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shoes Last night, Husband and I went to the movies. We saw Whip It, an uplifting and enjoyable film set in a small town in Texas about navigating girlhood via the high-octane world of roller derby. Husband and I arrived at the theater a bit late and we were forced to sit in the second row. For two hours, we craned our necks to absorb the action on the big screen. For two hours, we pretended we were comfortable while shifting in our seats. The truth is that up that close, the movie was almost blurry. I felt like I couldn't see it.

Wah.

This point here is not to complain. The point is that I realized something and something major: Intimacy can be blinding. When you are too close to something, you almost become part of it. When you are too close to something, you don't have the distance to study the nuances, to absorb the details, to enjoy the scenery.

Want an example? Sure you do.

Life. That is a big example, no? Each and every one of us is absorbed fully in our own lives, intimately threaded to all of its aspects. We are so enmeshed and invested in our lives, that we don't see our lives. Each day is filled with obligations and events and routines. Like good soldiers, we march and do and deliver. But how often, do we stand back and look? Look at the life it is that we are leading. How often do we pause and linger on the images, stunning and unique and real, that together make up the movie that is life?

I did this yesterday. I walked into my kitchen. I looked around. At the trappings of my life. The pockets of clutter. The scattered mail. The garbage waiting to go out. And then I saw the image above. Toddler's tiny green rain boots standing there next to my embellished silver flats. There was something about this image that struck me and I looked for my camera. What was it? Maybe it was the fact that my life is a bit like those flats - practical, battered by reality, a bit sparkly and fun, a bit soiled from the elements. Or that my life is also a bit like those little boots - childlike and rubbery and green with youth. I don't know. Maybe the image is and was arresting for a different reason. One day, Toddler will grow out of those boots. One day, Baby will wear them. One day, we will throw them away or give them away. One day, my girls will wear heels or fancy jeweled flats. One day, my baby girls will be teens and then women. In this frozen image, this lonely and lovely image, the vastness of time is hauntingly clear.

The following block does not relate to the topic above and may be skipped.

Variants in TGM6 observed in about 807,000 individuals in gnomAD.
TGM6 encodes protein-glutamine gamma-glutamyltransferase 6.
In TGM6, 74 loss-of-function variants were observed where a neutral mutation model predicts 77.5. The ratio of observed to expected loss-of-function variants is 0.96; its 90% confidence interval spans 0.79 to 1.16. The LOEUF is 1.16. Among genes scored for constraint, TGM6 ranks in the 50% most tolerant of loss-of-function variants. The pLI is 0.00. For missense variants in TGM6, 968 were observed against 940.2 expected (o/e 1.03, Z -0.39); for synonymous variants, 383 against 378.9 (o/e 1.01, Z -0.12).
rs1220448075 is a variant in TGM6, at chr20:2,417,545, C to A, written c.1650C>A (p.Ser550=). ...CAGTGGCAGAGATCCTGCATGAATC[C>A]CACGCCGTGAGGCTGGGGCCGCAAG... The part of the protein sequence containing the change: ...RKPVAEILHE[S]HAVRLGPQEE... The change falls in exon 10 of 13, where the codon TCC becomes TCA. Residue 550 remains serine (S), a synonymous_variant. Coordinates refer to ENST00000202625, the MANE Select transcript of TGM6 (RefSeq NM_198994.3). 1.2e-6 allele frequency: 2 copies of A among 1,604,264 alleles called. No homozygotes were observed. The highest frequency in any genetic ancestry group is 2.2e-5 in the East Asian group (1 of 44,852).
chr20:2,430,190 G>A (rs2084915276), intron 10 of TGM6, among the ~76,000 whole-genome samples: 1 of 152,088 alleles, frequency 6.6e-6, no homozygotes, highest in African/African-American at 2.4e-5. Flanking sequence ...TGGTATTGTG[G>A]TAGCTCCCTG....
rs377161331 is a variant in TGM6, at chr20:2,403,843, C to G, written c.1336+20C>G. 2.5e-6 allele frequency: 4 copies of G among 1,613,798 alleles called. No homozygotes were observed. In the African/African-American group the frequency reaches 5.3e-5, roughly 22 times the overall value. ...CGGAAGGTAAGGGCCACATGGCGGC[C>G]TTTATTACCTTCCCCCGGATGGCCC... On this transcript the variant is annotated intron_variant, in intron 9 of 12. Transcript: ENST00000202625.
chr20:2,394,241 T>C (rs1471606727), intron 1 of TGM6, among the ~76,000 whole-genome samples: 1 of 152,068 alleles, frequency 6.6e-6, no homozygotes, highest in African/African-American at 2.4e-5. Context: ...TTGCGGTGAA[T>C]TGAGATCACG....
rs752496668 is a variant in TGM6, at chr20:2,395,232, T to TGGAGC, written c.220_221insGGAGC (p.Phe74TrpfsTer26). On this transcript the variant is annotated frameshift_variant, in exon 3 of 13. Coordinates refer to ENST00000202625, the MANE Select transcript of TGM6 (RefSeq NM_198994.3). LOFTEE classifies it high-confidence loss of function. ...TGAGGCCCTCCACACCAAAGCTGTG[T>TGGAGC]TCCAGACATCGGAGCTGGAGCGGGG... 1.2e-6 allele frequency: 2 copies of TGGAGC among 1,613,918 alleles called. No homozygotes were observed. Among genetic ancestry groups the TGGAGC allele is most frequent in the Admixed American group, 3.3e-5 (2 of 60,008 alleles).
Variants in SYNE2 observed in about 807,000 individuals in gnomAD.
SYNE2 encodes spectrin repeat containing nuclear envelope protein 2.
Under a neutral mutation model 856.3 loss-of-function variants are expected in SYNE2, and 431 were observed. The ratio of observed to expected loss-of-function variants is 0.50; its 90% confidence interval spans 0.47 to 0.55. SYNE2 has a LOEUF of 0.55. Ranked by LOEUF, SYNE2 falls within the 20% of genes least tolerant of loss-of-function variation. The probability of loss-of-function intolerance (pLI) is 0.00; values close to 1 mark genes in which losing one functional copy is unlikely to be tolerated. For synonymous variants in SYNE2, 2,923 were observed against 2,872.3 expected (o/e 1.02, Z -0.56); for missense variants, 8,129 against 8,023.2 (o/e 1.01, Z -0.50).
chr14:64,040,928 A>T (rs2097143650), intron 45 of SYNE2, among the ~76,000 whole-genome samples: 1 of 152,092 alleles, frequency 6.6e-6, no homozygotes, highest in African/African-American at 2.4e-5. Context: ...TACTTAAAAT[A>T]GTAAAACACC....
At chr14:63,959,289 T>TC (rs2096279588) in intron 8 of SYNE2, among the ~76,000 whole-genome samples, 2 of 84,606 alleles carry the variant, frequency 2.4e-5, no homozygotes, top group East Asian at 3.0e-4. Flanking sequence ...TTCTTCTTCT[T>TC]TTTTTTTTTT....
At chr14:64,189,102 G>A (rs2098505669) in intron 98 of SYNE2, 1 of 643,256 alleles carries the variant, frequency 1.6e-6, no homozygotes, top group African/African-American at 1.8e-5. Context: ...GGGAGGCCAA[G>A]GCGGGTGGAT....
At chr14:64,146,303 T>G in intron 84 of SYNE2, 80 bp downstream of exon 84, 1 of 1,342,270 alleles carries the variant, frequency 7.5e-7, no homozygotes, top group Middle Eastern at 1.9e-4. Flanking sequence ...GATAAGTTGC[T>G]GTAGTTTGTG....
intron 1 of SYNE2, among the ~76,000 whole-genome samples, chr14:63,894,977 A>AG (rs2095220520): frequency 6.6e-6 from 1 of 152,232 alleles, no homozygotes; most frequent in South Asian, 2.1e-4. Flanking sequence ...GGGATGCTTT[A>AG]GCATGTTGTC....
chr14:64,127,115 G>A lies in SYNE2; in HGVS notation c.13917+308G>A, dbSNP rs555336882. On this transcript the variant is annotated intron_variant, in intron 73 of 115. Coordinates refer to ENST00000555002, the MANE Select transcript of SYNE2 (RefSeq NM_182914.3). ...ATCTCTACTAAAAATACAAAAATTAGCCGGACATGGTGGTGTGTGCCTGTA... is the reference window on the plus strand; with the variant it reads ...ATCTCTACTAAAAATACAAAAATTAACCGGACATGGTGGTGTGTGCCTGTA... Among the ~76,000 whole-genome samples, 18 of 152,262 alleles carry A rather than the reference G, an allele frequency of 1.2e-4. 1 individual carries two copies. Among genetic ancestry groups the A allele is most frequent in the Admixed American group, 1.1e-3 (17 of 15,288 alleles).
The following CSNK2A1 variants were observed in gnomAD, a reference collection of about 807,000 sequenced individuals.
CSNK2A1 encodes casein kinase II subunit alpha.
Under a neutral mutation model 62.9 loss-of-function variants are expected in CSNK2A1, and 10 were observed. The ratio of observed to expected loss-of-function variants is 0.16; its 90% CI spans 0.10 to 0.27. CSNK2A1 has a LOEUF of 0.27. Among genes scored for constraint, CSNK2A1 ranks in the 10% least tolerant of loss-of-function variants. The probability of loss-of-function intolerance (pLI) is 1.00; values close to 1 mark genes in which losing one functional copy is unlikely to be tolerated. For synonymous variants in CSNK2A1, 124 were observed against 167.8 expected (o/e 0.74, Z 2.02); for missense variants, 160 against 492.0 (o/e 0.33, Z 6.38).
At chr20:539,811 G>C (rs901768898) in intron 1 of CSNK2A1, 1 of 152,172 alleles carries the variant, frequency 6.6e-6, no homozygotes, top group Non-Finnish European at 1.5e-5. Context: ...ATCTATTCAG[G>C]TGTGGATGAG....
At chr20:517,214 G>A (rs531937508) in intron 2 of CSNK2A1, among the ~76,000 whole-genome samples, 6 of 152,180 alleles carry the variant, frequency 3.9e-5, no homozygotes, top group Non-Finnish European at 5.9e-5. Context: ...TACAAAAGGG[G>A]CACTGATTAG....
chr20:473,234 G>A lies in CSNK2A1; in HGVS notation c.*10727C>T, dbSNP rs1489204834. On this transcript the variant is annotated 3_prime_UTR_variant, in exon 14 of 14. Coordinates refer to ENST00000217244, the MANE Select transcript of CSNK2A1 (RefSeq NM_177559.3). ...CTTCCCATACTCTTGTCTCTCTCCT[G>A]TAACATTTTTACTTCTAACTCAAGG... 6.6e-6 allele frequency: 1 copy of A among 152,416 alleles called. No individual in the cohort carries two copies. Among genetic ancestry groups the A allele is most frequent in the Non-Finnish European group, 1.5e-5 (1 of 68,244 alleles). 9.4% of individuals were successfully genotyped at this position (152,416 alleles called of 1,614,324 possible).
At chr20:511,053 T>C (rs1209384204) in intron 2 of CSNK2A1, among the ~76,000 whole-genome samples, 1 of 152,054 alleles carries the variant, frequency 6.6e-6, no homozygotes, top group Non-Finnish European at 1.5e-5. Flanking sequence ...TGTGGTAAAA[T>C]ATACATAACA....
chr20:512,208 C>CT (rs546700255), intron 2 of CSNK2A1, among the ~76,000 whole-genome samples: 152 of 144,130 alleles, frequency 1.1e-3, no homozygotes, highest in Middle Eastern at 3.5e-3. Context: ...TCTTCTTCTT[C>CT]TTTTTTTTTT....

What is clear is that this picture makes me smile. Because it is a single snapshot of what my life has become and is becoming - artful chaos and contrast, a patchwork of beauty and practicality. And full of so many shoes.

Intimacy can be blinding. Being too close to something can cripple our vision and our appreciation of it. Every now and then it is good, better than good perhaps, to take that proverbial step back, to scan the small images of our big lives, and revel in them.

Happy Sunday.

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Do you agree that intimacy can be blinding? If you had to describe your life with two pairs of shoes, what would they be? That it an odd question. Wow.

Baby's First Bridge

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